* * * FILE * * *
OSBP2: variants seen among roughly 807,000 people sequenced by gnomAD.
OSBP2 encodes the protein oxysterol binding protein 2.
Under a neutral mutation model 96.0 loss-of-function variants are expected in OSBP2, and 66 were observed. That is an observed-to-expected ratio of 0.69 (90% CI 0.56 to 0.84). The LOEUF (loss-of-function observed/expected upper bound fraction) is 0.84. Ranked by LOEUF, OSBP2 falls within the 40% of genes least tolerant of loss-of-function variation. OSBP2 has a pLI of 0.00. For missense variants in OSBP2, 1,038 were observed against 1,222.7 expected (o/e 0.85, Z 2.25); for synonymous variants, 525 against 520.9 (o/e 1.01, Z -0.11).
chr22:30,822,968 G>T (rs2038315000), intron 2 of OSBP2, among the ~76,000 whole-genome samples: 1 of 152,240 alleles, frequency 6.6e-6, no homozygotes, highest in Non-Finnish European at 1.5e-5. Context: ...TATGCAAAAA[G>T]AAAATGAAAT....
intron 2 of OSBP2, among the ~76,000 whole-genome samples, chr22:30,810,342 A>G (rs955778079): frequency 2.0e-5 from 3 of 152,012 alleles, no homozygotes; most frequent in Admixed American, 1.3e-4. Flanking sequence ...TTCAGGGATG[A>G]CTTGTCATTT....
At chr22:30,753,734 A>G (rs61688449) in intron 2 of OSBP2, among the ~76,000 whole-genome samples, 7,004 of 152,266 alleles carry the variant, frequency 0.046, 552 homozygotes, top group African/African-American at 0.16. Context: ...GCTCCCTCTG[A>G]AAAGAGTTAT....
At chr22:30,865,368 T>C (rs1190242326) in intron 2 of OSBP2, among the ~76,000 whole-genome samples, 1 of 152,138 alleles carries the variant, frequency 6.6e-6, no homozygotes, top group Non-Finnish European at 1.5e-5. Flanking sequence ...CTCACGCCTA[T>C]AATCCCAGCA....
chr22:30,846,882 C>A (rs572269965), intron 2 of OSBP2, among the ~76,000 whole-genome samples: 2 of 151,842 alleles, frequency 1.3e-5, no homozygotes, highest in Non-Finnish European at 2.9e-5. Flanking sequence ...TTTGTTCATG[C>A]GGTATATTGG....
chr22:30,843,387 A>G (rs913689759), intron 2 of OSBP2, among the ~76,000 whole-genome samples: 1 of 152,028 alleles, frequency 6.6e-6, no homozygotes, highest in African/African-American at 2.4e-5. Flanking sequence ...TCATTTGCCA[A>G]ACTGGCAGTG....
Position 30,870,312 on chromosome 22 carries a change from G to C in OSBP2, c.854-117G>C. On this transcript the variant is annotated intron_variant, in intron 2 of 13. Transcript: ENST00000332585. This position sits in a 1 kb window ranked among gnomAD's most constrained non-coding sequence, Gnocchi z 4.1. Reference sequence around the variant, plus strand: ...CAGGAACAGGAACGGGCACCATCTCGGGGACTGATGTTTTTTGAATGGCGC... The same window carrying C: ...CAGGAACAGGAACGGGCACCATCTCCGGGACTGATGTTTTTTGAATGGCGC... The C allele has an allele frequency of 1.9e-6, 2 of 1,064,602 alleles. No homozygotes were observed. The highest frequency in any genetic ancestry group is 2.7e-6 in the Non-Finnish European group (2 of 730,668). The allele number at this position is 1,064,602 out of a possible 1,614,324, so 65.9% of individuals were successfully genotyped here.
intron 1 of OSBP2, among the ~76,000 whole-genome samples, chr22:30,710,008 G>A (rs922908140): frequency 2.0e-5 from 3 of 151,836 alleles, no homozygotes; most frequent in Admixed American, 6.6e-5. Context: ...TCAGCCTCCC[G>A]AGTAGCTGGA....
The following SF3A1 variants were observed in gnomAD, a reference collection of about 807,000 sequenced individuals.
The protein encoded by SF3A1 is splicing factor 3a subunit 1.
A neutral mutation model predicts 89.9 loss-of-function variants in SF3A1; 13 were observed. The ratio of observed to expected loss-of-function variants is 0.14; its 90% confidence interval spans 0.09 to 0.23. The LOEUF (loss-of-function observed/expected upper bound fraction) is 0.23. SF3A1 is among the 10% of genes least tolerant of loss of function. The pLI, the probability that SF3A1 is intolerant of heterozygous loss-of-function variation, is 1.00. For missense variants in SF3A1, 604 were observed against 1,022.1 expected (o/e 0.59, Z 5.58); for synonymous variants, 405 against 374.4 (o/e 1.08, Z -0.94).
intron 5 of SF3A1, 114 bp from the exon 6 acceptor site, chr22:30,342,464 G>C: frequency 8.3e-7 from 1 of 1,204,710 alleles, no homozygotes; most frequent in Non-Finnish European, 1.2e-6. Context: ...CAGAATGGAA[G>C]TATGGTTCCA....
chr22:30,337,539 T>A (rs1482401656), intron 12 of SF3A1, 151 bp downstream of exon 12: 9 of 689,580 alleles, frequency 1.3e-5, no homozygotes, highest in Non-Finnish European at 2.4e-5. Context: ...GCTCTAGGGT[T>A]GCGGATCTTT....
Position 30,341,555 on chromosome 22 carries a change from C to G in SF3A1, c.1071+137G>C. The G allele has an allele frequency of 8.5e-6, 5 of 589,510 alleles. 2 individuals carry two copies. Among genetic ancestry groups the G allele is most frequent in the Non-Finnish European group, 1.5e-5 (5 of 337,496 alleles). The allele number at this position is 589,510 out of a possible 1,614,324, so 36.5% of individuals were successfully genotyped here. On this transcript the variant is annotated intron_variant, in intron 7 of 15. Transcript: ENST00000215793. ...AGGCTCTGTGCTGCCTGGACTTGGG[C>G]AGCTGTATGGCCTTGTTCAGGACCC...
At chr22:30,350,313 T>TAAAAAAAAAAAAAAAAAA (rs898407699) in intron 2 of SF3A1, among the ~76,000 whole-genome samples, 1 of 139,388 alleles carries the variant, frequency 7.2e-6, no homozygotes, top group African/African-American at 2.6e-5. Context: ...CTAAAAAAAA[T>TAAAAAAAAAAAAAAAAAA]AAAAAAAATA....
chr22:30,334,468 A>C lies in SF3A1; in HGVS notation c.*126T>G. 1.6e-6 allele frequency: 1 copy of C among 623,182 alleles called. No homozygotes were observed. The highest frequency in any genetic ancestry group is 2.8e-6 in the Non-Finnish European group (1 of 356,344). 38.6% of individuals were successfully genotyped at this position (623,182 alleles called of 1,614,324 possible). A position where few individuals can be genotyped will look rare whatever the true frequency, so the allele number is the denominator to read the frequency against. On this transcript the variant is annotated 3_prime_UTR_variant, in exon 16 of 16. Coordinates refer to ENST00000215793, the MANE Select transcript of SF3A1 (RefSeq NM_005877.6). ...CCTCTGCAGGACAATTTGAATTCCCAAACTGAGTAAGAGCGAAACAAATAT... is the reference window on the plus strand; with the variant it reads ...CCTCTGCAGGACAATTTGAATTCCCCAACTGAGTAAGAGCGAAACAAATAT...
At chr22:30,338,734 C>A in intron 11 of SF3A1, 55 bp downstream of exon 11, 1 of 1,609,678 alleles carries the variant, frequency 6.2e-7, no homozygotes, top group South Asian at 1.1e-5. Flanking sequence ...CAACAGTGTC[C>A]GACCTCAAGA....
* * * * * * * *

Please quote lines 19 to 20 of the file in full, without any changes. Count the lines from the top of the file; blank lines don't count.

chr22:30,334,468 A>C lies in SF3A1; in HGVS notation c.*126T>G. 1.6e-6 allele frequency: 1 copy of C among 623,182 alleles called. No homozygotes were observed. The highest frequency in any genetic ancestry group is 2.8e-6 in the Non-Finnish European group (1 of 356,344). 38.6% of individuals were successfully genotyped at this position (623,182 alleles called of 1,614,324 possible). A position where few individuals can be genotyped will look rare whatever the true frequency, so the allele number is the denominator to read the frequency against. On this transcript the variant is annotated 3_prime_UTR_variant, in exon 16 of 16. Coordinates refer to ENST00000215793, the MANE Select transcript of SF3A1 (RefSeq NM_005877.6). ...CCTCTGCAGGACAATTTGAATTCCCAAACTGAGTAAGAGCGAAACAAATAT... is the reference window on the plus strand; with the variant it reads ...CCTCTGCAGGACAATTTGAATTCCCCAACTGAGTAAGAGCGAAACAAATAT...
At chr22:30,338,734 C>A in intron 11 of SF3A1, 55 bp downstream of exon 11, 1 of 1,609,678 alleles carries the variant, frequency 6.2e-7, no homozygotes, top group South Asian at 1.1e-5. Flanking sequence ...CAACAGTGTC[C>A]GACCTCAAGA....